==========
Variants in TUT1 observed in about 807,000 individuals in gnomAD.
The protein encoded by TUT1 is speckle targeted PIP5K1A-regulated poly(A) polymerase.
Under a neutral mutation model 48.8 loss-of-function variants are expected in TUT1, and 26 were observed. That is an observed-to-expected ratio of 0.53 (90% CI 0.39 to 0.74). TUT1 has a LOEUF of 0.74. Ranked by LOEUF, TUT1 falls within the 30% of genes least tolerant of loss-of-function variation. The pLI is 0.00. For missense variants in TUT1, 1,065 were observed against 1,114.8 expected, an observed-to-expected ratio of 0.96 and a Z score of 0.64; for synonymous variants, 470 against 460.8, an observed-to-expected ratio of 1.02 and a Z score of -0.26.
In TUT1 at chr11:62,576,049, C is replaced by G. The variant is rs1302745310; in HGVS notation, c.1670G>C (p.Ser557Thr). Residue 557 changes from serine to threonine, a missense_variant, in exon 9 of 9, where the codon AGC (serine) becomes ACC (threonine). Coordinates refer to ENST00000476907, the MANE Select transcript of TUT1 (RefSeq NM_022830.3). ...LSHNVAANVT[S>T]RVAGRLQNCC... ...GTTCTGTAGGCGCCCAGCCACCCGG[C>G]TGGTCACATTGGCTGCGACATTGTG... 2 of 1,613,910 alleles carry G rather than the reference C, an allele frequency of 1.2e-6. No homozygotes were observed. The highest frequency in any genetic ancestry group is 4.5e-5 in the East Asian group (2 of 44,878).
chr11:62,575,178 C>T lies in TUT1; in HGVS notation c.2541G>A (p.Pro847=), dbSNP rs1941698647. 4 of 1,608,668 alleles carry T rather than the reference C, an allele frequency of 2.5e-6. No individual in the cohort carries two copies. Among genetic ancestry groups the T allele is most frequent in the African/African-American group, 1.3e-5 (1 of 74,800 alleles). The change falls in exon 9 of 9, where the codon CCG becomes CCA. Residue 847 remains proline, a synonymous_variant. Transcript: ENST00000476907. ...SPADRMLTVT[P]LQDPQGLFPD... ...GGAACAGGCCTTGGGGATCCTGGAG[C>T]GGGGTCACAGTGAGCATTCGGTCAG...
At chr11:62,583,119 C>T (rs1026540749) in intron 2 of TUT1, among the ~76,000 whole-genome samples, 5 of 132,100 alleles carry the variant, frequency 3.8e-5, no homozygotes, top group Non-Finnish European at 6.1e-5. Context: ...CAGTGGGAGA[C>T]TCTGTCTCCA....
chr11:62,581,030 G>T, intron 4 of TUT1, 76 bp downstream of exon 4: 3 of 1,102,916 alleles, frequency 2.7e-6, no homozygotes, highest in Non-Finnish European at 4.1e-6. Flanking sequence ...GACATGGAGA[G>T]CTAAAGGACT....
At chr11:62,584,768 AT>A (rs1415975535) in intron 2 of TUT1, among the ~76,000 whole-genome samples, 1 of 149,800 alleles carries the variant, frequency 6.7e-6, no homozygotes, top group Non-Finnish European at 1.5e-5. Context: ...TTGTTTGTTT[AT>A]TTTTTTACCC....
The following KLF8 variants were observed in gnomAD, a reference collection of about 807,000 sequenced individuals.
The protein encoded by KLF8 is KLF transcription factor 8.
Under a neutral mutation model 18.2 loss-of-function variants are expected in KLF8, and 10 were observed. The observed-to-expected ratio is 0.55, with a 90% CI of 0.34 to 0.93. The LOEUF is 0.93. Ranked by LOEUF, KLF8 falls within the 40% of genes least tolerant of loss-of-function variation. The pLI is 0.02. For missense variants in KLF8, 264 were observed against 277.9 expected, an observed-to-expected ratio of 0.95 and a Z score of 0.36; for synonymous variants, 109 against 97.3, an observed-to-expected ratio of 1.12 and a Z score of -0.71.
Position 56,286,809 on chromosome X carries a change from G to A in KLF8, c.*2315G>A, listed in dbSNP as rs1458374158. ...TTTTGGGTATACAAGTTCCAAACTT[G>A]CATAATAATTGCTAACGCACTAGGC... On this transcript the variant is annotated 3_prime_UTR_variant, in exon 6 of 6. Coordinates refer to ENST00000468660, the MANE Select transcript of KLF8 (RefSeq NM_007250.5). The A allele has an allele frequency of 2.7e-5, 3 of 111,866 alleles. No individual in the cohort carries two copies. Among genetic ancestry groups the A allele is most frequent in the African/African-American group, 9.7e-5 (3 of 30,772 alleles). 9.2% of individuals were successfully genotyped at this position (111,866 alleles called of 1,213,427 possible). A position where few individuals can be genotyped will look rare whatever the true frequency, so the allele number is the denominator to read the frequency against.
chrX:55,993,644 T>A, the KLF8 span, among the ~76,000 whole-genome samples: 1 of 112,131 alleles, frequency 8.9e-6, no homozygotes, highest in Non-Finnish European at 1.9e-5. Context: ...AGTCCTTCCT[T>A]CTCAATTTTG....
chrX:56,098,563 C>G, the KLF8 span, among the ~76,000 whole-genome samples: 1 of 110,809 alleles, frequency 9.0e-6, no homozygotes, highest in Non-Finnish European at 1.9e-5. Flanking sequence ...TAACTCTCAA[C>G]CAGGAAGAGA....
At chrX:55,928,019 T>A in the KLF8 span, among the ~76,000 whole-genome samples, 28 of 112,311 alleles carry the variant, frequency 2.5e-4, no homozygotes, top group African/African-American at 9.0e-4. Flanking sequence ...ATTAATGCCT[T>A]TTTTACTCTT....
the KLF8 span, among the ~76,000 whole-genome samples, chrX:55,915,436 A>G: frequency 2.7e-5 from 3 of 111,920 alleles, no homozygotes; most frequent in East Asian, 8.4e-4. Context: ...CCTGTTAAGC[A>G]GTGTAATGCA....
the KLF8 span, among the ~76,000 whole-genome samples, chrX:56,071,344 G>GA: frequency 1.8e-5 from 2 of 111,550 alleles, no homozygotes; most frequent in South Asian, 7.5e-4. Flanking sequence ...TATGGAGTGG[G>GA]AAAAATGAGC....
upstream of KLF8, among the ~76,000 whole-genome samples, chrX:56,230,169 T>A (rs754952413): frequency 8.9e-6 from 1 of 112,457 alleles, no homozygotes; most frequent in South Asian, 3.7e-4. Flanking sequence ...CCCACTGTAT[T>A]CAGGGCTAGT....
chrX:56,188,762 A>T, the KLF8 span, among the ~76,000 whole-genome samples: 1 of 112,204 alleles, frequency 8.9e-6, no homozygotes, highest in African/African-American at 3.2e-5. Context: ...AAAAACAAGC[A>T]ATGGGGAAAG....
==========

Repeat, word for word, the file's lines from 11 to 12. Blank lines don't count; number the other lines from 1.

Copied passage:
Under a neutral mutation model 18.2 loss-of-function variants are expected in KLF8, and 10 were observed. The observed-to-expected ratio is 0.55, with a 90% CI of 0.34 to 0.93. The LOEUF is 0.93. Ranked by LOEUF, KLF8 falls within the 40% of genes least tolerant of loss-of-function variation. The pLI is 0.02. For missense variants in KLF8, 264 were observed against 277.9 expected, an observed-to-expected ratio of 0.95 and a Z score of 0.36; for synonymous variants, 109 against 97.3, an observed-to-expected ratio of 1.12 and a Z score of -0.71.
Position 56,286,809 on chromosome X carries a change from G to A in KLF8, c.*2315G>A, listed in dbSNP as rs1458374158. ...TTTTGGGTATACAAGTTCCAAACTT[G>A]CATAATAATTGCTAACGCACTAGGC... On this transcript the variant is annotated 3_prime_UTR_variant, in exon 6 of 6. Coordinates refer to ENST00000468660, the MANE Select transcript of KLF8 (RefSeq NM_007250.5). The A allele has an allele frequency of 2.7e-5, 3 of 111,866 alleles. No individual in the cohort carries two copies. Among genetic ancestry groups the A allele is most frequent in the African/African-American group, 9.7e-5 (3 of 30,772 alleles). 9.2% of individuals were successfully genotyped at this position (111,866 alleles called of 1,213,427 possible). A position where few individuals can be genotyped will look rare whatever the true frequency, so the allele number is the denominator to read the frequency against.